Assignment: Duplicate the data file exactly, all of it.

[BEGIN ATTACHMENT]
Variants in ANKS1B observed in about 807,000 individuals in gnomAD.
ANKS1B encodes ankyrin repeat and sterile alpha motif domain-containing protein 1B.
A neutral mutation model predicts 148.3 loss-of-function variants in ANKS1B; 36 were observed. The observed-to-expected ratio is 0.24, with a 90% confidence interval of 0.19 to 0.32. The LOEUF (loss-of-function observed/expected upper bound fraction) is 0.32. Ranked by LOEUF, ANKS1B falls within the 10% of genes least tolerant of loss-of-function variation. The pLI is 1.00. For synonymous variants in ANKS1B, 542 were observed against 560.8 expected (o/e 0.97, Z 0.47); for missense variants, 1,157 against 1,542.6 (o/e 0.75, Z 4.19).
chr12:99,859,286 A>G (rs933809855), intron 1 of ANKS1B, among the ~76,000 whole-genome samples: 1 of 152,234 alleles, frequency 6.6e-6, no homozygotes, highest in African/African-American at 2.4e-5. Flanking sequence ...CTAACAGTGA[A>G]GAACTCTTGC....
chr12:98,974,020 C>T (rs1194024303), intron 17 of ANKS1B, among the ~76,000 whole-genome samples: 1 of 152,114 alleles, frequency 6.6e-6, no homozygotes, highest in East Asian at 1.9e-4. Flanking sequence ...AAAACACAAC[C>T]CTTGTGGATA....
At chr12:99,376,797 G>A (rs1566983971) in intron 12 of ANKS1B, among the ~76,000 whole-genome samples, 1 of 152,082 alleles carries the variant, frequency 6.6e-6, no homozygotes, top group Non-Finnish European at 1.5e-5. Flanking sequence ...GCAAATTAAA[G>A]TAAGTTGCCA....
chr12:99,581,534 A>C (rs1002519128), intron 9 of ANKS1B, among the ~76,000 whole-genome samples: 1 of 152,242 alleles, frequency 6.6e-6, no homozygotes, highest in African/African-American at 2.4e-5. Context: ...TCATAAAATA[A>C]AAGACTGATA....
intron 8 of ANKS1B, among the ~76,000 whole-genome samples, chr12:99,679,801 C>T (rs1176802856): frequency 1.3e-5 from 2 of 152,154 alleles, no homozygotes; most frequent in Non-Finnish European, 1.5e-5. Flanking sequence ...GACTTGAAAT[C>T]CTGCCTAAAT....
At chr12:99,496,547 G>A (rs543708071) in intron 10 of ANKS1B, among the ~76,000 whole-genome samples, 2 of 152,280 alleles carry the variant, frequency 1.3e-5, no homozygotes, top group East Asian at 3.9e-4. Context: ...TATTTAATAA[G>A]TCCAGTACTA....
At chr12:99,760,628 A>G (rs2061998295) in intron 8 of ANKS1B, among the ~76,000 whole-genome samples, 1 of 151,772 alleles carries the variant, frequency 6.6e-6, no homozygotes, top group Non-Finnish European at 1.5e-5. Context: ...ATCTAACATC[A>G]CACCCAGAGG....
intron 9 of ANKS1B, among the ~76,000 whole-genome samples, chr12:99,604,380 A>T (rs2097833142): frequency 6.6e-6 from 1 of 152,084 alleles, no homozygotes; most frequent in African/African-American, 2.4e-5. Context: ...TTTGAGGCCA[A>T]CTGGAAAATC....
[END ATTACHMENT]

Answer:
Variants in ANKS1B observed in about 807,000 individuals in gnomAD.
ANKS1B encodes ankyrin repeat and sterile alpha motif domain-containing protein 1B.
A neutral mutation model predicts 148.3 loss-of-function variants in ANKS1B; 36 were observed. The observed-to-expected ratio is 0.24, with a 90% confidence interval of 0.19 to 0.32. The LOEUF (loss-of-function observed/expected upper bound fraction) is 0.32. Ranked by LOEUF, ANKS1B falls within the 10% of genes least tolerant of loss-of-function variation. The pLI is 1.00. For synonymous variants in ANKS1B, 542 were observed against 560.8 expected (o/e 0.97, Z 0.47); for missense variants, 1,157 against 1,542.6 (o/e 0.75, Z 4.19).
chr12:99,859,286 A>G (rs933809855), intron 1 of ANKS1B, among the ~76,000 whole-genome samples: 1 of 152,234 alleles, frequency 6.6e-6, no homozygotes, highest in African/African-American at 2.4e-5. Flanking sequence ...CTAACAGTGA[A>G]GAACTCTTGC....
chr12:98,974,020 C>T (rs1194024303), intron 17 of ANKS1B, among the ~76,000 whole-genome samples: 1 of 152,114 alleles, frequency 6.6e-6, no homozygotes, highest in East Asian at 1.9e-4. Flanking sequence ...AAAACACAAC[C>T]CTTGTGGATA....
At chr12:99,376,797 G>A (rs1566983971) in intron 12 of ANKS1B, among the ~76,000 whole-genome samples, 1 of 152,082 alleles carries the variant, frequency 6.6e-6, no homozygotes, top group Non-Finnish European at 1.5e-5. Flanking sequence ...GCAAATTAAA[G>A]TAAGTTGCCA....
chr12:99,581,534 A>C (rs1002519128), intron 9 of ANKS1B, among the ~76,000 whole-genome samples: 1 of 152,242 alleles, frequency 6.6e-6, no homozygotes, highest in African/African-American at 2.4e-5. Context: ...TCATAAAATA[A>C]AAGACTGATA....
intron 8 of ANKS1B, among the ~76,000 whole-genome samples, chr12:99,679,801 C>T (rs1176802856): frequency 1.3e-5 from 2 of 152,154 alleles, no homozygotes; most frequent in Non-Finnish European, 1.5e-5. Flanking sequence ...GACTTGAAAT[C>T]CTGCCTAAAT....
At chr12:99,496,547 G>A (rs543708071) in intron 10 of ANKS1B, among the ~76,000 whole-genome samples, 2 of 152,280 alleles carry the variant, frequency 1.3e-5, no homozygotes, top group East Asian at 3.9e-4. Context: ...TATTTAATAA[G>A]TCCAGTACTA....
At chr12:99,760,628 A>G (rs2061998295) in intron 8 of ANKS1B, among the ~76,000 whole-genome samples, 1 of 151,772 alleles carries the variant, frequency 6.6e-6, no homozygotes, top group Non-Finnish European at 1.5e-5. Context: ...ATCTAACATC[A>G]CACCCAGAGG....
intron 9 of ANKS1B, among the ~76,000 whole-genome samples, chr12:99,604,380 A>T (rs2097833142): frequency 6.6e-6 from 1 of 152,084 alleles, no homozygotes; most frequent in African/African-American, 2.4e-5. Context: ...TTTGAGGCCA[A>T]CTGGAAAATC....